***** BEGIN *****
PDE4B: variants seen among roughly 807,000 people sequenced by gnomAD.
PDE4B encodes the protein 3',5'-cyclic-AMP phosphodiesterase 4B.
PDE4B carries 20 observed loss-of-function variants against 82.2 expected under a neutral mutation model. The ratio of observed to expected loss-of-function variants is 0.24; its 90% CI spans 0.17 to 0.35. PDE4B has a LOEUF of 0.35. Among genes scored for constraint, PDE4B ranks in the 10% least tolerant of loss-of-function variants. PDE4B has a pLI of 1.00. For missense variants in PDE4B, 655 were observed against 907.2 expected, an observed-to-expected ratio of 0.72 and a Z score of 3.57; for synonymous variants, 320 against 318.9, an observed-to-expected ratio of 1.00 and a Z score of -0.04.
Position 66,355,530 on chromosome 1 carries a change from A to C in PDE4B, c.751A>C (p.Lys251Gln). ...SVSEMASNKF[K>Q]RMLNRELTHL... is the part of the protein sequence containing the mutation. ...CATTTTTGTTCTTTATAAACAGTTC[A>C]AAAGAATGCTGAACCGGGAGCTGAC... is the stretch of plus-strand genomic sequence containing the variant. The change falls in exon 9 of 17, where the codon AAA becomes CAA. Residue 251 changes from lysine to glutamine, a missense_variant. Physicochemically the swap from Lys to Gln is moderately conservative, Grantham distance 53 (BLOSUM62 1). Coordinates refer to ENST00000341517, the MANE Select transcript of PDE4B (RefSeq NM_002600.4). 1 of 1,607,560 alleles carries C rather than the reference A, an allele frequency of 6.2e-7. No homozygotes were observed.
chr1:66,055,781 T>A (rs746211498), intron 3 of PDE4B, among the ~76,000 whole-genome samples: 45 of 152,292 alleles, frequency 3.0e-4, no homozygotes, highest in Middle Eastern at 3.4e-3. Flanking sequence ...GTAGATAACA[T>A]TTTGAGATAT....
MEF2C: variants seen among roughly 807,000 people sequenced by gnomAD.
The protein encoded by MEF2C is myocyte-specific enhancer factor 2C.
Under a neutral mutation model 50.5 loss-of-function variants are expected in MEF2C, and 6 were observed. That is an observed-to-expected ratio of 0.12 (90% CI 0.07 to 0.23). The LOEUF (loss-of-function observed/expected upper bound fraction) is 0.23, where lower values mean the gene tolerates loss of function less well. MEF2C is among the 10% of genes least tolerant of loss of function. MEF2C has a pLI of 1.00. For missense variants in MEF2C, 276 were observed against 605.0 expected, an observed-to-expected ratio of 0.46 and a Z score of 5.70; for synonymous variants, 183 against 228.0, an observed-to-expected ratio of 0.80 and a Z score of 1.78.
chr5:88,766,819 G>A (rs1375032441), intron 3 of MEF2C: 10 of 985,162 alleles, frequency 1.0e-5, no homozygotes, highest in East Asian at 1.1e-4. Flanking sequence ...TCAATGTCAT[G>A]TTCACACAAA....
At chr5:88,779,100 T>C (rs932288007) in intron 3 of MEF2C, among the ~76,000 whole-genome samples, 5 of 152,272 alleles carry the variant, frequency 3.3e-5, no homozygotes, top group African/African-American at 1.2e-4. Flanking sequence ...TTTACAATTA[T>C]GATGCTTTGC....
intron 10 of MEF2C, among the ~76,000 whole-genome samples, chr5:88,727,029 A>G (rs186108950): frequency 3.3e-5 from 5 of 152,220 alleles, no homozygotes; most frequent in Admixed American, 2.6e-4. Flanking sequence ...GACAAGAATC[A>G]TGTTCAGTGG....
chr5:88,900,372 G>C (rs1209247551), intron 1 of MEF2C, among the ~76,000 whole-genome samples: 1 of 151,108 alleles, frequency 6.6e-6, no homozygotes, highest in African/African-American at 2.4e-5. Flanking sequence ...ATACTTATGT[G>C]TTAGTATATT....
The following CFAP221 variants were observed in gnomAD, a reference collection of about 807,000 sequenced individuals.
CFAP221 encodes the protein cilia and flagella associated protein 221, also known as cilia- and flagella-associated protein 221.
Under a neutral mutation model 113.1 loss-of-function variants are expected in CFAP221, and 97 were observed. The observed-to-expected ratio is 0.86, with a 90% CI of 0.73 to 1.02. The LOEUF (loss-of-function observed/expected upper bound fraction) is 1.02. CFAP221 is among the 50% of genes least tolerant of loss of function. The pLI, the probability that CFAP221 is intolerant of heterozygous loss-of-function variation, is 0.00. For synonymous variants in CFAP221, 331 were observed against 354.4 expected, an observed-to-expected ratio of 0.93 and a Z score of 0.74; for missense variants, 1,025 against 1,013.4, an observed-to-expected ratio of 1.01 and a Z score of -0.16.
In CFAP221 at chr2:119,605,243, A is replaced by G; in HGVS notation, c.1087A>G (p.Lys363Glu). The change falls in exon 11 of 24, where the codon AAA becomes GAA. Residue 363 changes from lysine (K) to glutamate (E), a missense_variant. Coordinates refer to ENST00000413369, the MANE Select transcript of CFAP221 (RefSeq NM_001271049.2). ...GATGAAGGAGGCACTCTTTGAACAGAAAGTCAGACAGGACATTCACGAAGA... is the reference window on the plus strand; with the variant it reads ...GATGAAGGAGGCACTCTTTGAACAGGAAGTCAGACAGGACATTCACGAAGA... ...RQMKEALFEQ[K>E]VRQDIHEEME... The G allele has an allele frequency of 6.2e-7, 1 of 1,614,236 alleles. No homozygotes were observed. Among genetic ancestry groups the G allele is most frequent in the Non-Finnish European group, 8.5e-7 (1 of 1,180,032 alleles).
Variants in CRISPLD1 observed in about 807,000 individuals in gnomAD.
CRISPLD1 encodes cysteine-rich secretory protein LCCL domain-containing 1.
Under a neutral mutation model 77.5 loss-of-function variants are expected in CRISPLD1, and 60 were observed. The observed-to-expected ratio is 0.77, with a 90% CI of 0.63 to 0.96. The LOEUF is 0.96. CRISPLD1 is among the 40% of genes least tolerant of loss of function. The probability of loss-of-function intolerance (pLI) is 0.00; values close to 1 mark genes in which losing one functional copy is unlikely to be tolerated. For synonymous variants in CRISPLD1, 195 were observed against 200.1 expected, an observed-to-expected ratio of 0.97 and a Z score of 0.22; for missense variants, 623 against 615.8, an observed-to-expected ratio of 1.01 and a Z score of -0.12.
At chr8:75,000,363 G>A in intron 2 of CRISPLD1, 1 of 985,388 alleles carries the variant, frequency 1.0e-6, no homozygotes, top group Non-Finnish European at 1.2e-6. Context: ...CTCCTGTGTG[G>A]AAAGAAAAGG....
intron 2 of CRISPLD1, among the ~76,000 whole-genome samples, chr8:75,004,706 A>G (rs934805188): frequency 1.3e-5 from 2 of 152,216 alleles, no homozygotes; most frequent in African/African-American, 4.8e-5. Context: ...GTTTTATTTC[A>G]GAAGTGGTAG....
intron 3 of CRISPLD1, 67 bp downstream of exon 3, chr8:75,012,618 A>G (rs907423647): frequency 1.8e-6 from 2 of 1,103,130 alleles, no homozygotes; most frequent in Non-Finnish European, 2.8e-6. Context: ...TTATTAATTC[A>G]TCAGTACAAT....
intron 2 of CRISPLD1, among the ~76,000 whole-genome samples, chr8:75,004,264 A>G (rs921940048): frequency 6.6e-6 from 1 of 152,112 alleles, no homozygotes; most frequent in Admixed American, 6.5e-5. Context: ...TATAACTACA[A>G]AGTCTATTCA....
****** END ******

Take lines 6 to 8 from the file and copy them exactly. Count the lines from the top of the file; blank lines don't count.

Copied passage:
MEF2C: variants seen among roughly 807,000 people sequenced by gnomAD.
The protein encoded by MEF2C is myocyte-specific enhancer factor 2C.
Under a neutral mutation model 50.5 loss-of-function variants are expected in MEF2C, and 6 were observed. That is an observed-to-expected ratio of 0.12 (90% CI 0.07 to 0.23). The LOEUF (loss-of-function observed/expected upper bound fraction) is 0.23, where lower values mean the gene tolerates loss of function less well. MEF2C is among the 10% of genes least tolerant of loss of function. MEF2C has a pLI of 1.00. For missense variants in MEF2C, 276 were observed against 605.0 expected, an observed-to-expected ratio of 0.46 and a Z score of 5.70; for synonymous variants, 183 against 228.0, an observed-to-expected ratio of 0.80 and a Z score of 1.78.